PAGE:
Just the backbone of securing the internet, that’s all.
In recent months, I’ve published a few articles on both new and old technologies that rely on something called public key cryptography or public key encryption.
Honestly, you don’t need to understand public key cryptography other than to realize it’s a key component of keeping you safe online.
On the other hand, since it is so ubiquitous and the phrase comes up more and more often, it might be interesting to understand how it works and how it keeps you safe as you visit your bank, download your email, or even just view this webpage.
Let’s dive into what public key cryptography is, why it’s useful, and how it’s being used.
Become a Patron of Ask Leo! and go adfree!
Public key cryptography
Public key (or asymmetric) cryptography uses a pair of encryption keys. Data encrypted by one can only be decrypted by the other. This enables everything from identity verification to secure data transfer. Public key cryptography is the basis for security online.
This is a conceptual overview. Many details have been simplified, glossed over, or even tweaked ever so slightly in order to make the concepts somewhat understandable. Encryption and its use is exceptionally complex, and the details are well beyond anything it makes sense for most of us to learn.1
Magical mathematics
The single most important concept behind public key cryptography, often also referred to as asymmetric cryptography, is this.
A complex mathematical formula is used to create two (very) large numbers with the following relationship:

 You cannot calculate one from the other.
 Anything you encrypt using one can only be decrypted using the other.
That last point is key.
You’re probably used to traditional encryption, where you encrypt something using a password and you use that same password to decrypt it. Tools like VeraCrypt, Zip, and even the encryption built into “password protecting” a document work this way. It’s called symmetrical encryption because the same password or encryption key is used for both encryption and decryption.
Asymmetric means you use a different encryption key to encrypt than you to do decrypt. Symmetric encryption, on the other hand, uses the same password to encrypt and to decrypt — such as a passwordprotected document or zip file.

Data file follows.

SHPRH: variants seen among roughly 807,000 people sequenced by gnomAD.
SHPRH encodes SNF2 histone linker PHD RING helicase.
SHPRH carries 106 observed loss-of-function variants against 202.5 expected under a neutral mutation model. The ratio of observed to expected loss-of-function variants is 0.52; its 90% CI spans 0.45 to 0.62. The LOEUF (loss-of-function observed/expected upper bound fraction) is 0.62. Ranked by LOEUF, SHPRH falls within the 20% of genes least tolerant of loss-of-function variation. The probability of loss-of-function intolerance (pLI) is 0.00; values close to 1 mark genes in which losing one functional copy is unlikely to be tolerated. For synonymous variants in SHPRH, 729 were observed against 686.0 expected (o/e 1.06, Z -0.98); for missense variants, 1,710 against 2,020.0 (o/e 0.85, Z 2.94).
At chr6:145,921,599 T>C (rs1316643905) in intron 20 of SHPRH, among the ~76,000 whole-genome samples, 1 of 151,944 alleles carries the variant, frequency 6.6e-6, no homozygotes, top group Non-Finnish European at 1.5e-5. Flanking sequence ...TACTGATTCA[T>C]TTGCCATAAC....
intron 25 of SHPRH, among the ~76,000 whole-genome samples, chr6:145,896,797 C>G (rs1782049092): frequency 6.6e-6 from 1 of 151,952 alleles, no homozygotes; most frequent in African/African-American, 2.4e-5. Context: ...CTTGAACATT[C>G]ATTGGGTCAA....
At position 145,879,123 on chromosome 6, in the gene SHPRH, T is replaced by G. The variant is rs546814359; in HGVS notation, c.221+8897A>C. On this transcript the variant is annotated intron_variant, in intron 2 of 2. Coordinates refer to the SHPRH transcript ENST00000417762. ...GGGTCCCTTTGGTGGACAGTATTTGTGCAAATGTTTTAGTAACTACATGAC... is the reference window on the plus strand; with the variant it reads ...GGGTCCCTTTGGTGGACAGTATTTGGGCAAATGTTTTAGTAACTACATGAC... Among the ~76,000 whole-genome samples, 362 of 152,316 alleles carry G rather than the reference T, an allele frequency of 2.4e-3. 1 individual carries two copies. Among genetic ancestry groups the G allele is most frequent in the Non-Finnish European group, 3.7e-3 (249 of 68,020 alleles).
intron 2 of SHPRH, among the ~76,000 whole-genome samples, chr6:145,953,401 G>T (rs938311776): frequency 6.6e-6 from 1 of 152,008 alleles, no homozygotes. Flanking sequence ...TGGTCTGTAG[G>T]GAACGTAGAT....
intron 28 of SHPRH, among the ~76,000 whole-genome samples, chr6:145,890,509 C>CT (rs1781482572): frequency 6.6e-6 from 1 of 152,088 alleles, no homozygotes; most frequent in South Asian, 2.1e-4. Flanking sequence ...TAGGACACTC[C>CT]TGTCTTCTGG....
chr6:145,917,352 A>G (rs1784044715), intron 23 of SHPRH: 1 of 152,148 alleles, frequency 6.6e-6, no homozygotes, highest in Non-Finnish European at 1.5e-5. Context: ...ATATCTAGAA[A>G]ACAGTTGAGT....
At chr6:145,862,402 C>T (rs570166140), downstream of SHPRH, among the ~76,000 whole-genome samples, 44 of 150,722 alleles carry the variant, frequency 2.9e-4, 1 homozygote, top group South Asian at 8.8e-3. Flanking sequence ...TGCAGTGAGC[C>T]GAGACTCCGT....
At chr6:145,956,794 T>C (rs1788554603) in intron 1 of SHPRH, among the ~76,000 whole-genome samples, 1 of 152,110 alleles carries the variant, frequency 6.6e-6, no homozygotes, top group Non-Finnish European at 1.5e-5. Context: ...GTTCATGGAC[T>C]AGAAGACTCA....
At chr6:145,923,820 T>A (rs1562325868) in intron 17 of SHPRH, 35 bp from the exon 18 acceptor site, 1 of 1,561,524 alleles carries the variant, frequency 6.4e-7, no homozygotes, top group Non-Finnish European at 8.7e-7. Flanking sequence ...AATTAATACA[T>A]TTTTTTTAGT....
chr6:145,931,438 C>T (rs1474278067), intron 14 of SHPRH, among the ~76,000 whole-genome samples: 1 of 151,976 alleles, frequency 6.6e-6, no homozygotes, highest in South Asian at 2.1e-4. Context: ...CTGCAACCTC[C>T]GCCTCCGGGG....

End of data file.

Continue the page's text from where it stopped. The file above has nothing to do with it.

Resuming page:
In this article, we’re looking at the first. It’s beautiful digital and mathematical magic, as far as I’m concerned.
Asymmetric encryption
The steps for using asymmetric encryption are:
 Using a special program, generate two large numbers called a key pair. I’ll call them keys A and B.
 Use one of them — key A — to encrypt some data.
 Use the other — key B, in this case — to decrypt the data.
Keys A and B are two completely different numbers. The “magic” is that they can both decrypt data that was encrypted using the other; in fact, they can only decrypt data encrypted by the other.
They can’t even decrypt data they themselves encrypted, meaning key A cannot be used to decrypt data encrypted using key A. Only key B can do that — and vice versa.
So, why is this so important and useful?
It’s all in how you use those two keys.
Public and private
So far, I’ve not talked about the “public” part of public key cryptography. Everything discussed so far as been generic, treating keys A and B the same.
Let’s make one of the keys public, meaning literally anyone can see it, and keep the other a secret. This is done in several ways, depending on how you intend to use the keys. For example there are public key servers for certain encryption tools that you might upload your own public key to. For websites there are the socalled “root certificates” present in the operating system that are part of the mechanism that make website public keys public.
We’ll call one of the keys — it doesn’t matter which one — the secret key and the other the public key.
Two really interesting things are now possible:
 Anyone can encrypt something using the public key that only the matching secret key can decrypt.
 This is used for secure data transfer.
 Anyone can verify that something was encrypted by a specific secret key if they’re able to decrypt it using the matching public key.
 This is used for identity verification.
Public key cryptography and secure data transfer
Let’s say you want to send me a document full of sensitive information. It’s so sensitive that you want to ensure no one but me can see what’s in the document, so you decide to encrypt it.
You would (with the appropriate tools, perhaps GPG or Gnu Privacy Guard):
 Locate the public key I’ve published that anyone can use.
 Encrypt your data using my public key.
 Send me the encrypted result.
You can send me that data via any method you like, from email to passenger pigeon. It doesn’t matter if the way you get it to me is secure or not — the data is securely encrypted.
Only I can decrypt it because only I have the secret key that goes along with the public key I made available for anyone to use. Only my secret key can be used to decrypt something encrypted using my public key.